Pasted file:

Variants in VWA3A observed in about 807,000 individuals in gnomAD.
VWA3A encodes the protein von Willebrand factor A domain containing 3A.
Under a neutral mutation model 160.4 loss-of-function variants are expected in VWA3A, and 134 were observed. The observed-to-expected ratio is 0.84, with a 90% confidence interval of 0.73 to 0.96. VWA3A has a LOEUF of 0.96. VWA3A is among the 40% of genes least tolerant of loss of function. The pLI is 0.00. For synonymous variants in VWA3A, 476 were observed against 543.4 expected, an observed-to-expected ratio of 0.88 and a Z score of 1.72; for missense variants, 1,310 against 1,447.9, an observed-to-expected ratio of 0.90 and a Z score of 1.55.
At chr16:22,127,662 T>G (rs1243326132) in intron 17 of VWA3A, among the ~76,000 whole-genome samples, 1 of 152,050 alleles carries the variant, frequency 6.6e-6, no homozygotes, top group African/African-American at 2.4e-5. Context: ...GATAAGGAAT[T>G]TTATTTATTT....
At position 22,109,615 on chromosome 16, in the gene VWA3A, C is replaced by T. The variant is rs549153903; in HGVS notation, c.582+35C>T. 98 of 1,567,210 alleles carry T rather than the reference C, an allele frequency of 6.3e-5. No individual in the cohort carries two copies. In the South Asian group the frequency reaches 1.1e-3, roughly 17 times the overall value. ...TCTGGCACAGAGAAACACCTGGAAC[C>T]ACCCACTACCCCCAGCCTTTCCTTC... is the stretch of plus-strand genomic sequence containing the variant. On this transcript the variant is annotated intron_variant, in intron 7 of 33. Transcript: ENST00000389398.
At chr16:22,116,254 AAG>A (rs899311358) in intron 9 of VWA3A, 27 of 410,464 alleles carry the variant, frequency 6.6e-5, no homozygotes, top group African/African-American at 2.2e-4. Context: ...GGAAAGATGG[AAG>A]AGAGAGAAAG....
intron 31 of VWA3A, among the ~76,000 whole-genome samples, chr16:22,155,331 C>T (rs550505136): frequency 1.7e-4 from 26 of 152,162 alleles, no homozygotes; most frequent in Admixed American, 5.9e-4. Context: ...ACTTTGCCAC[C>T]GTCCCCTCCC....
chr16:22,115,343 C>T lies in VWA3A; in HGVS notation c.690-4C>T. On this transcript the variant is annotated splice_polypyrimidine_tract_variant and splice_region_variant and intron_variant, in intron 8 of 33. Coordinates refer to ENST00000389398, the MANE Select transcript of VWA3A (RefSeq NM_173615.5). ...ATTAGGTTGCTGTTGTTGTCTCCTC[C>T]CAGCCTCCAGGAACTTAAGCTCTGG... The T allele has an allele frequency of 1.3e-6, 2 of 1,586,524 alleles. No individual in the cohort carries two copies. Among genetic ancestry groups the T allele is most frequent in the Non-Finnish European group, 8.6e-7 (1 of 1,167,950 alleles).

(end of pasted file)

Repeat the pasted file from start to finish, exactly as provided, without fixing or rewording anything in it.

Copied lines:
Variants in VWA3A observed in about 807,000 individuals in gnomAD.
VWA3A encodes the protein von Willebrand factor A domain containing 3A.
Under a neutral mutation model 160.4 loss-of-function variants are expected in VWA3A, and 134 were observed. The observed-to-expected ratio is 0.84, with a 90% confidence interval of 0.73 to 0.96. VWA3A has a LOEUF of 0.96. VWA3A is among the 40% of genes least tolerant of loss of function. The pLI is 0.00. For synonymous variants in VWA3A, 476 were observed against 543.4 expected, an observed-to-expected ratio of 0.88 and a Z score of 1.72; for missense variants, 1,310 against 1,447.9, an observed-to-expected ratio of 0.90 and a Z score of 1.55.
At chr16:22,127,662 T>G (rs1243326132) in intron 17 of VWA3A, among the ~76,000 whole-genome samples, 1 of 152,050 alleles carries the variant, frequency 6.6e-6, no homozygotes, top group African/African-American at 2.4e-5. Context: ...GATAAGGAAT[T>G]TTATTTATTT....
At position 22,109,615 on chromosome 16, in the gene VWA3A, C is replaced by T. The variant is rs549153903; in HGVS notation, c.582+35C>T. 98 of 1,567,210 alleles carry T rather than the reference C, an allele frequency of 6.3e-5. No individual in the cohort carries two copies. In the South Asian group the frequency reaches 1.1e-3, roughly 17 times the overall value. ...TCTGGCACAGAGAAACACCTGGAAC[C>T]ACCCACTACCCCCAGCCTTTCCTTC... is the stretch of plus-strand genomic sequence containing the variant. On this transcript the variant is annotated intron_variant, in intron 7 of 33. Transcript: ENST00000389398.
At chr16:22,116,254 AAG>A (rs899311358) in intron 9 of VWA3A, 27 of 410,464 alleles carry the variant, frequency 6.6e-5, no homozygotes, top group African/African-American at 2.2e-4. Context: ...GGAAAGATGG[AAG>A]AGAGAGAAAG....
intron 31 of VWA3A, among the ~76,000 whole-genome samples, chr16:22,155,331 C>T (rs550505136): frequency 1.7e-4 from 26 of 152,162 alleles, no homozygotes; most frequent in Admixed American, 5.9e-4. Context: ...ACTTTGCCAC[C>T]GTCCCCTCCC....
chr16:22,115,343 C>T lies in VWA3A; in HGVS notation c.690-4C>T. On this transcript the variant is annotated splice_polypyrimidine_tract_variant and splice_region_variant and intron_variant, in intron 8 of 33. Coordinates refer to ENST00000389398, the MANE Select transcript of VWA3A (RefSeq NM_173615.5). ...ATTAGGTTGCTGTTGTTGTCTCCTC[C>T]CAGCCTCCAGGAACTTAAGCTCTGG... The T allele has an allele frequency of 1.3e-6, 2 of 1,586,524 alleles. No individual in the cohort carries two copies. Among genetic ancestry groups the T allele is most frequent in the Non-Finnish European group, 8.6e-7 (1 of 1,167,950 alleles).